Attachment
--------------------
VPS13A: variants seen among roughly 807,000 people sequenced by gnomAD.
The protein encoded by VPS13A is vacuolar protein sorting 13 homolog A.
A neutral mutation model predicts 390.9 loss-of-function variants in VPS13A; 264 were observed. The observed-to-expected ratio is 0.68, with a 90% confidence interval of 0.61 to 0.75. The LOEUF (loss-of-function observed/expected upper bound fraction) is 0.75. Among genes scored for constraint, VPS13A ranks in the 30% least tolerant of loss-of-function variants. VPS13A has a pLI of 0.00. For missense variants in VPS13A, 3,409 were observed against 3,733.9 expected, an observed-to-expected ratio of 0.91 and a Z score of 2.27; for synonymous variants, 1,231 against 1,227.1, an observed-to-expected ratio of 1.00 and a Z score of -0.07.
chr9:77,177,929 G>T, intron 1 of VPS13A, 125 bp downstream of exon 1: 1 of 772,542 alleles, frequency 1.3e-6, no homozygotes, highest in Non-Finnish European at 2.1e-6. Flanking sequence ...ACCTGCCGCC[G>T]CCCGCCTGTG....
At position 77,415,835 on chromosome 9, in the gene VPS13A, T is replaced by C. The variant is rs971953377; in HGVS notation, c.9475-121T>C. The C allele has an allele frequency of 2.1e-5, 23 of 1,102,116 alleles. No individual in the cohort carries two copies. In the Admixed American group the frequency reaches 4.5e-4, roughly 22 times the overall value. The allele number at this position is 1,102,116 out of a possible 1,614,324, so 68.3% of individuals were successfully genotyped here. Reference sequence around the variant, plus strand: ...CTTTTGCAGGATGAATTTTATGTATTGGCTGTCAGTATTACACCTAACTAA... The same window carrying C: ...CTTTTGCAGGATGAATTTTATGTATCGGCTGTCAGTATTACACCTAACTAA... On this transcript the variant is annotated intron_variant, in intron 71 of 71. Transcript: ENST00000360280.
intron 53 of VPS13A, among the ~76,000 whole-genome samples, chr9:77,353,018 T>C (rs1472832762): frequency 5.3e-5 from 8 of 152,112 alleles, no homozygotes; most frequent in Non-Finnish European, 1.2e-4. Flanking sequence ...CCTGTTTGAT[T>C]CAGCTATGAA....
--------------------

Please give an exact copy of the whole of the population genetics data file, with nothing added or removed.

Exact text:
VPS13A: variants seen among roughly 807,000 people sequenced by gnomAD.
The protein encoded by VPS13A is vacuolar protein sorting 13 homolog A.
A neutral mutation model predicts 390.9 loss-of-function variants in VPS13A; 264 were observed. The observed-to-expected ratio is 0.68, with a 90% confidence interval of 0.61 to 0.75. The LOEUF (loss-of-function observed/expected upper bound fraction) is 0.75. Among genes scored for constraint, VPS13A ranks in the 30% least tolerant of loss-of-function variants. VPS13A has a pLI of 0.00. For missense variants in VPS13A, 3,409 were observed against 3,733.9 expected, an observed-to-expected ratio of 0.91 and a Z score of 2.27; for synonymous variants, 1,231 against 1,227.1, an observed-to-expected ratio of 1.00 and a Z score of -0.07.
chr9:77,177,929 G>T, intron 1 of VPS13A, 125 bp downstream of exon 1: 1 of 772,542 alleles, frequency 1.3e-6, no homozygotes, highest in Non-Finnish European at 2.1e-6. Flanking sequence ...ACCTGCCGCC[G>T]CCCGCCTGTG....
At position 77,415,835 on chromosome 9, in the gene VPS13A, T is replaced by C. The variant is rs971953377; in HGVS notation, c.9475-121T>C. The C allele has an allele frequency of 2.1e-5, 23 of 1,102,116 alleles. No individual in the cohort carries two copies. In the Admixed American group the frequency reaches 4.5e-4, roughly 22 times the overall value. The allele number at this position is 1,102,116 out of a possible 1,614,324, so 68.3% of individuals were successfully genotyped here. Reference sequence around the variant, plus strand: ...CTTTTGCAGGATGAATTTTATGTATTGGCTGTCAGTATTACACCTAACTAA... The same window carrying C: ...CTTTTGCAGGATGAATTTTATGTATCGGCTGTCAGTATTACACCTAACTAA... On this transcript the variant is annotated intron_variant, in intron 71 of 71. Transcript: ENST00000360280.
intron 53 of VPS13A, among the ~76,000 whole-genome samples, chr9:77,353,018 T>C (rs1472832762): frequency 5.3e-5 from 8 of 152,112 alleles, no homozygotes; most frequent in Non-Finnish European, 1.2e-4. Flanking sequence ...CCTGTTTGAT[T>C]CAGCTATGAA....